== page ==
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How Parents Can Protect Kids From Unhealthy Food Marketing

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Digital marketing is the most sought out marketing tactic used across industries today. Fast food companies have especially found success using social media and internet trends.

Like many industries, the fast-food vertical is spending billions of dollars to attract customers, and those funds go toward influencing your children. Forward-thinking business leaders know that if they can earn the brand loyalty of your child now, they may very well become a lifetime customer.

Resultantly, a disproportionate amount of fast food advertising targets children. With awareness of the problem, parents can fight back against the billion-dollar advertiser onslaught – an attack designed to increase the profits of fast food franchises at the expense of the health of millions of the world’s children.

Parents must keep an ever-watchful eye on the eating habits of children to protect them from domineering media influences that hock unhealthy food.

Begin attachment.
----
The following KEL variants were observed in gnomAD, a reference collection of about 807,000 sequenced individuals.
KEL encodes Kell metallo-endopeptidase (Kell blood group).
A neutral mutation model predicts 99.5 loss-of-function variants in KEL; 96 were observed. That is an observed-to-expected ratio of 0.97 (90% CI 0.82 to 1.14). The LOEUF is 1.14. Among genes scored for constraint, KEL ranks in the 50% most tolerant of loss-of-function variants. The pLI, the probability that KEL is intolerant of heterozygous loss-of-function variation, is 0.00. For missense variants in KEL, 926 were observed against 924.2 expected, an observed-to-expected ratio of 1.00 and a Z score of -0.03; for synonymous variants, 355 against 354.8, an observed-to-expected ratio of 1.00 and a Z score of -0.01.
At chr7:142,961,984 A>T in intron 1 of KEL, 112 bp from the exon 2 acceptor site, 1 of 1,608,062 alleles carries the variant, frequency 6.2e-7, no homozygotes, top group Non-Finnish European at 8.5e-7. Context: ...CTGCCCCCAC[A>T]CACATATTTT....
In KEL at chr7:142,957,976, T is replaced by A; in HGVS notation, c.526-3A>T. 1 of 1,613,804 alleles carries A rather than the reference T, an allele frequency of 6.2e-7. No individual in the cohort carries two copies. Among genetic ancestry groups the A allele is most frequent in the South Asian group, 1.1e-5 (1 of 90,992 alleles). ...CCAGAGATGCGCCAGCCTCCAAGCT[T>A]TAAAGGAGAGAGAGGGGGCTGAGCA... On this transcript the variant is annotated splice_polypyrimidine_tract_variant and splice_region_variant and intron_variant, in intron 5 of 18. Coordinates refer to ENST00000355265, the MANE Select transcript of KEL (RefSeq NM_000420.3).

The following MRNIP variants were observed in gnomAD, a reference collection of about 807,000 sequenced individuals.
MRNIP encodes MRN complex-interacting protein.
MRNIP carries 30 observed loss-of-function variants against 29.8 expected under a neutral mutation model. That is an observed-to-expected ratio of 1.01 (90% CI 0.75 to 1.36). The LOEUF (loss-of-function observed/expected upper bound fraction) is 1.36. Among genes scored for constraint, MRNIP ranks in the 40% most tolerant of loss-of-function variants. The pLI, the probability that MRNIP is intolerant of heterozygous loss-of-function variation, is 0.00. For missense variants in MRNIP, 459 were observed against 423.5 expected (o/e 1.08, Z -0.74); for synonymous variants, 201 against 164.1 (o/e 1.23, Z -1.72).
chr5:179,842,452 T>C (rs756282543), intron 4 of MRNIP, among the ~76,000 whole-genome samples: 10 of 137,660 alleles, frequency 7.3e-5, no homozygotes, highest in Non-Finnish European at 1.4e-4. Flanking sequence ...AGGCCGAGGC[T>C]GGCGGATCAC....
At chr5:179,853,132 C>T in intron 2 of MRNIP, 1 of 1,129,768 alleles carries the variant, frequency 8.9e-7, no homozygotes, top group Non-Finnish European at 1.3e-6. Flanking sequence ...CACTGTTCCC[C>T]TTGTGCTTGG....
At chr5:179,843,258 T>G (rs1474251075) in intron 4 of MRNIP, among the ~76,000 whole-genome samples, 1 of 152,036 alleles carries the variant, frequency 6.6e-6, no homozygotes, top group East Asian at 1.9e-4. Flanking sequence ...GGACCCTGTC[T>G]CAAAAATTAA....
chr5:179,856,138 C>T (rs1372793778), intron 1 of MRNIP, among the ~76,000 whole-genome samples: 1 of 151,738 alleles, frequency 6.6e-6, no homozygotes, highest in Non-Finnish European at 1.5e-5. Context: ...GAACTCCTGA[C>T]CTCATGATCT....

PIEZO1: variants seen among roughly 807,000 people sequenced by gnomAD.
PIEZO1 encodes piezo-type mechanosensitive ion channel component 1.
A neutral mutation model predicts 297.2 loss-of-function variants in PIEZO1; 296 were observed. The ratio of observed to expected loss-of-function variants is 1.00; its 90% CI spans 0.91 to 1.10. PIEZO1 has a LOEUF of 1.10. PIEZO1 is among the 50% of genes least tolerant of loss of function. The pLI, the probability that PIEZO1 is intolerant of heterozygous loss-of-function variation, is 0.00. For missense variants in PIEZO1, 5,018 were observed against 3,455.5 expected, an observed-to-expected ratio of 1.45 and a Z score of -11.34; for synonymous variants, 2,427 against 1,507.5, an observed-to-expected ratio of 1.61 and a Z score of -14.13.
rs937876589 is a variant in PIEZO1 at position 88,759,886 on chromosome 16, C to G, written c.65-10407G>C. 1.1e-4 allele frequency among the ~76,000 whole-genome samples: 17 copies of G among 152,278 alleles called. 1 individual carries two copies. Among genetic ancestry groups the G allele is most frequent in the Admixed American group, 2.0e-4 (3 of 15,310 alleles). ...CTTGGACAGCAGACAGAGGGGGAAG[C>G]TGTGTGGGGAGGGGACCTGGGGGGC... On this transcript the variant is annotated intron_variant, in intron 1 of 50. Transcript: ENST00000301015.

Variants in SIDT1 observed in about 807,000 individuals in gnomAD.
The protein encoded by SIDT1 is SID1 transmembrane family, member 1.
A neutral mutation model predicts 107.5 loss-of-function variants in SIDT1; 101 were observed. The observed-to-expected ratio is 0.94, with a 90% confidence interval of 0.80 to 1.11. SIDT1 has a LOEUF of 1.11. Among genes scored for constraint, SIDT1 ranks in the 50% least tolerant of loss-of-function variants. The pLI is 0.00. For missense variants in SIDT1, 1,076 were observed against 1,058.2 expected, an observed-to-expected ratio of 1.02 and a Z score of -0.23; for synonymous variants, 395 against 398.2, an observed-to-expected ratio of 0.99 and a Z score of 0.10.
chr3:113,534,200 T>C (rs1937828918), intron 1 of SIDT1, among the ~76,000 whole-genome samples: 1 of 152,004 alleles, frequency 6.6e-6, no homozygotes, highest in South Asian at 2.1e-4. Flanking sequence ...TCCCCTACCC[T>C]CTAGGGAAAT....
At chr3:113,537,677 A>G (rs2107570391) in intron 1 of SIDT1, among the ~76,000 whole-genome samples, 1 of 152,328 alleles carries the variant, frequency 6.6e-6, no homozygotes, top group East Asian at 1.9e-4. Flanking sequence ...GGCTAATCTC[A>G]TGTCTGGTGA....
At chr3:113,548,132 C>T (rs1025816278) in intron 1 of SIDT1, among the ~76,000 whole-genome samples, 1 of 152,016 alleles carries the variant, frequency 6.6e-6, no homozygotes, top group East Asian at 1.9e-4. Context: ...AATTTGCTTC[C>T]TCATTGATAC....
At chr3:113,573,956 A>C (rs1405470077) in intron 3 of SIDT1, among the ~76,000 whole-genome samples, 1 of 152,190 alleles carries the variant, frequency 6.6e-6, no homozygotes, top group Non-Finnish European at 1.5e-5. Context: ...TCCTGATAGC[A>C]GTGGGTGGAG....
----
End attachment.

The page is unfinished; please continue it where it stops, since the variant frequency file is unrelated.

The Dangers of a Fast Food Diet

Fast food consumption is a severe health threat that contributes to obesity. With each fast food meal, children increase their intake of calories, fat, and sugar.

According to Sarah Irvine Belson, expert and interim vice provost for research at the School of Education at American University, student health, specifically a child’s diet and amount of physical activity, has direct and indirect impacts on educational outcomes, including standardized tests scores, classroom behavior problems, and hyperactivity.

Fast food – described by many researchers as a typical “Western diet” that includes high calorie, low nutrient-dense food – can have particularly negative impacts on academic performance.  Research consistently indicates that healthier students are better learners.”

Children typically continue their learned eating habits well into adulthood. Resultantly, fast food advertising targeted at children threatens the group’s health now and in the future.